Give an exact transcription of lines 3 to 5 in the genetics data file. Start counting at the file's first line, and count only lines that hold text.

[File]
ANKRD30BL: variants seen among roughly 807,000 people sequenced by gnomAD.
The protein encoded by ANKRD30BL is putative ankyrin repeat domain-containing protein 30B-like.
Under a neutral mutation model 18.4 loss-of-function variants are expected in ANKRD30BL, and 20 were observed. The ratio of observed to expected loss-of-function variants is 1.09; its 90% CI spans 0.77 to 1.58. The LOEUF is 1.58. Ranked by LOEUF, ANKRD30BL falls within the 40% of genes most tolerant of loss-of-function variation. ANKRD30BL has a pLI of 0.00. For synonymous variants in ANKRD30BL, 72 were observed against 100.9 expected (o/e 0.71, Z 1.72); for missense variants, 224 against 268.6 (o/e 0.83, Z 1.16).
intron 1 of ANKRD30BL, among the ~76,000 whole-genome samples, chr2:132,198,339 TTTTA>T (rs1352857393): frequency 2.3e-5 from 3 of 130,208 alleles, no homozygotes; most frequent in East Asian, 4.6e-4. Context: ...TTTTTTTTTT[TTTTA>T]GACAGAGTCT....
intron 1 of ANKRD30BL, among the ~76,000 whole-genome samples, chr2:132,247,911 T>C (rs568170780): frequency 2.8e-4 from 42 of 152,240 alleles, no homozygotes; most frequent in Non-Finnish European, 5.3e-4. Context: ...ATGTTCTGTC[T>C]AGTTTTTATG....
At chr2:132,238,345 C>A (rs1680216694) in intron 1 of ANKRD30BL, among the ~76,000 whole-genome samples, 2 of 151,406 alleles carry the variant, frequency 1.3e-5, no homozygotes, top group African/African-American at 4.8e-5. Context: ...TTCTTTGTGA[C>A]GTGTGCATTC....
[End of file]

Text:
Under a neutral mutation model 18.4 loss-of-function variants are expected in ANKRD30BL, and 20 were observed. The ratio of observed to expected loss-of-function variants is 1.09; its 90% CI spans 0.77 to 1.58. The LOEUF is 1.58. Ranked by LOEUF, ANKRD30BL falls within the 40% of genes most tolerant of loss-of-function variation. ANKRD30BL has a pLI of 0.00. For synonymous variants in ANKRD30BL, 72 were observed against 100.9 expected (o/e 0.71, Z 1.72); for missense variants, 224 against 268.6 (o/e 0.83, Z 1.16).
intron 1 of ANKRD30BL, among the ~76,000 whole-genome samples, chr2:132,198,339 TTTTA>T (rs1352857393): frequency 2.3e-5 from 3 of 130,208 alleles, no homozygotes; most frequent in East Asian, 4.6e-4. Context: ...TTTTTTTTTT[TTTTA>T]GACAGAGTCT....
intron 1 of ANKRD30BL, among the ~76,000 whole-genome samples, chr2:132,247,911 T>C (rs568170780): frequency 2.8e-4 from 42 of 152,240 alleles, no homozygotes; most frequent in Non-Finnish European, 5.3e-4. Context: ...ATGTTCTGTC[T>C]AGTTTTTATG....